Nazi aesthetics sold Kanye West on everything else about Hitler
Ye purports to be an aesthete. He launched a fashion line that included insanely expensive plain white T-shirts and shoes that look like something out of a David Cronenberg film. On an episode of My Next Guest Needs No Introduction with David Letterman, we got a look inside his all-white, minimalist home (in a widely circulated 2019 video, his ex-wife, Kim Kardashian, showed off its basin-less sinks).
So it’s really no surprise that, if you listen to his Thursday appearance on Alex Jones’ Infowars, the things West was praising Hitler for were, for the most part, aesthetic.
“He had a really cool outfit and stuff, and he was a really good architect,” West, who legally changed his name to Ye, told Jones.
“So you’re in love with the look of it?” Jones asked.
Ye didn’t answer directly. Instead, and somehow this is being glossed over, he replied, “And he didn’t kill 6 million Jews, that’s just, like, factually incorrect.” But it’s pretty clear that, at least as a starting point, the “look” may have been what got him hooked.
A huge part of the Nazi program was killing with looks. Hugo Boss manufactured the SS uniforms. Hitler wasn’t an architect, but one of his closest confidants, Albert Speer, was, and was essential in designing the rallies and grand stadiums that inspired fascist fervor in the German people. Hitler, too, was concerned with appearances, approving an official art style and labeling others degenerate. (He also had a hand in designing the Volkswagen Beetle.)
Much has been made of West’s erroneous declaration that Hitler invented highways and “invented the very microphone that I use as a musician.”
The last comment isn’t entirely off the mark. The microphone Ye, and many other recording artists, use in the booth is likely the Neumann U87, a descendant of the Neumann CMV3, which became known as the “Hitler Bottle,” for the man who helped make it famous.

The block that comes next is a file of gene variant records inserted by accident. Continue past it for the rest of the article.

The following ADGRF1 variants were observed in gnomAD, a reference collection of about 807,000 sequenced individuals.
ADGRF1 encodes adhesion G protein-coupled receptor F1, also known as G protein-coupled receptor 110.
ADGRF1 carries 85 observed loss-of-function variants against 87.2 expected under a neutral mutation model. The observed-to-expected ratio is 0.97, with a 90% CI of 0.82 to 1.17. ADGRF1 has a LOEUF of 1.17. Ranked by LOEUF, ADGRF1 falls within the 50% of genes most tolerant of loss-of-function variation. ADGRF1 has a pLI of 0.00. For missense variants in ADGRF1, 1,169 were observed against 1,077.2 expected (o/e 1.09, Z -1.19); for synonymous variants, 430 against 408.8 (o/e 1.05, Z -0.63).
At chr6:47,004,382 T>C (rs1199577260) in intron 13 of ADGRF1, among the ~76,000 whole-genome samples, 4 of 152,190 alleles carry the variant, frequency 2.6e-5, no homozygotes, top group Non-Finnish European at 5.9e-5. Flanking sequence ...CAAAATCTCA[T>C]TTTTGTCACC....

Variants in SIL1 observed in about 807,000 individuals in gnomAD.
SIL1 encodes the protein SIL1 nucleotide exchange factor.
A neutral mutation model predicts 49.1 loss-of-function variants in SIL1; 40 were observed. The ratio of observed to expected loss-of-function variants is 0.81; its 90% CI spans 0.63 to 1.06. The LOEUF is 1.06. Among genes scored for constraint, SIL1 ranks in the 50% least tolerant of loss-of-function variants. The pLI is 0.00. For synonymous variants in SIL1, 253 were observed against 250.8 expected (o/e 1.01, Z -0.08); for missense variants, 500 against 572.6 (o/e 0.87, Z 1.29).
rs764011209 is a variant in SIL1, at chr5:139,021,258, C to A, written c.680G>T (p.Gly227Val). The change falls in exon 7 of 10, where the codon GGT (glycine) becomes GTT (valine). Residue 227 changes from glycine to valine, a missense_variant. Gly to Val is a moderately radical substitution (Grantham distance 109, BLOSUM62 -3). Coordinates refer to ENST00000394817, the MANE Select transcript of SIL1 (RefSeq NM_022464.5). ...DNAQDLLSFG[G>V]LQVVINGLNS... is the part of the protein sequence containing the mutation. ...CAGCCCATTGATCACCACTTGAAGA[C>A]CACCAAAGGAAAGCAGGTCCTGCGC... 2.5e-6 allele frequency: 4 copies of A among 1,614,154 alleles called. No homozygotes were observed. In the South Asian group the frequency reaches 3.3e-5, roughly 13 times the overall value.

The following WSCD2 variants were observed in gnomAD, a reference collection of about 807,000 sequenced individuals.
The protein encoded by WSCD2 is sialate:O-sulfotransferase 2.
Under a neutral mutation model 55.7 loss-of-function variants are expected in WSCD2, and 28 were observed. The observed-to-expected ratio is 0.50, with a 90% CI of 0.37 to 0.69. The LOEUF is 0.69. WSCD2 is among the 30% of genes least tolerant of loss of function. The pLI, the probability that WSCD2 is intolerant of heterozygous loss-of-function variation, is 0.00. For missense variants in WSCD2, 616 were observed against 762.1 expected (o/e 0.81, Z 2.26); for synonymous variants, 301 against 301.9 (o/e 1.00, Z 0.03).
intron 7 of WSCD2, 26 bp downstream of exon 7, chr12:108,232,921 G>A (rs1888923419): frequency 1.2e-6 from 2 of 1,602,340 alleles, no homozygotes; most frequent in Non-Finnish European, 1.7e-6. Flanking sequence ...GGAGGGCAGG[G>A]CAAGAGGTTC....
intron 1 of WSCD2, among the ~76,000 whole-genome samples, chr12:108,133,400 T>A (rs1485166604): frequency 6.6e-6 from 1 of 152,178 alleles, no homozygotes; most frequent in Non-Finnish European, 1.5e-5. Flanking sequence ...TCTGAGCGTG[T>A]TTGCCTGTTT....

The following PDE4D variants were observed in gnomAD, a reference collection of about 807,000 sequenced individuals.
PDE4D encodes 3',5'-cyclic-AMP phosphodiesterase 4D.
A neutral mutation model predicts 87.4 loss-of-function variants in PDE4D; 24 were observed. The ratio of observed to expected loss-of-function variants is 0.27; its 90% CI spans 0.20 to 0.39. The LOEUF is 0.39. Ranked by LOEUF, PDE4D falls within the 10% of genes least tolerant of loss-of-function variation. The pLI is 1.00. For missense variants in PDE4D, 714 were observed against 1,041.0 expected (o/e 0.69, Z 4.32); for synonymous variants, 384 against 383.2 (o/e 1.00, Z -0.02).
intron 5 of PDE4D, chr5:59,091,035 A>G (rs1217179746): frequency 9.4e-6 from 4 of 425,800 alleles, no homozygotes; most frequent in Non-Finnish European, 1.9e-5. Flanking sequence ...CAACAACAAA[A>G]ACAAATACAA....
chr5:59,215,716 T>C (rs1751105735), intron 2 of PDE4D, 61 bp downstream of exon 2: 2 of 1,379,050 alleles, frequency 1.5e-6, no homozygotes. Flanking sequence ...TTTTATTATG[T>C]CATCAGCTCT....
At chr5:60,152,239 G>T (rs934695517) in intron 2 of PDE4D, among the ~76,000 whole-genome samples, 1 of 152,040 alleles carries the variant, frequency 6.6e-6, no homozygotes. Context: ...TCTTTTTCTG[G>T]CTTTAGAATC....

In the 2020 documentary The Meaning of Hitler, microphone expert Klaus Heyne explained how the CMV3, a microphone that allowed for a greater range of movement from a speaker, was used to great effect by the Führer.
“All of a sudden Hitler was able to be more evocative, more animated in his delivery because he wasn’t shackled by the technology,” Heyne says in the film. This allowed for wild gesticulations, wild shifts in volume and tone. The effect of wall-to-wall sound and crescendo, Heyne wagered, was “just the same as when the Beatles performed at Shea Stadium.”
A musician, especially one with a desire to speak to the masses, might find something attractive in this idea.
When Ye says “I like Hitler,” he probably means he finds the newsreels of the Nazi leader addressing the Sportpalast appealing on some level. He may like the spectacle of the “Cathedral of Light” at the rally grounds, the way Speer made Hitler the focal point — if not the Godhead.
If you look at West’s Sunday Services, he bathes the room in red, magenta or blue light for worship, nominally of God, but, truthfully, of himself and his cult of personality.
Adidas, which West partnered with, was founded by members of the Nazi party, and the company broke ties with him over his antisemitic tweets. Hugo Boss, Volkswagen, Mercedes and Coco Chanel (a Gallic collaborator) all managed to remain relevant without saying nice things about Hitler, even though he was once their patron. When the dust settled, they knew how to divorce their aesthetics from an ideology.
But West proves that, even 77 years after the collapse of the would-be Thousand-Year Reich, the look and feel of fascism can sell you on its ugly ideas.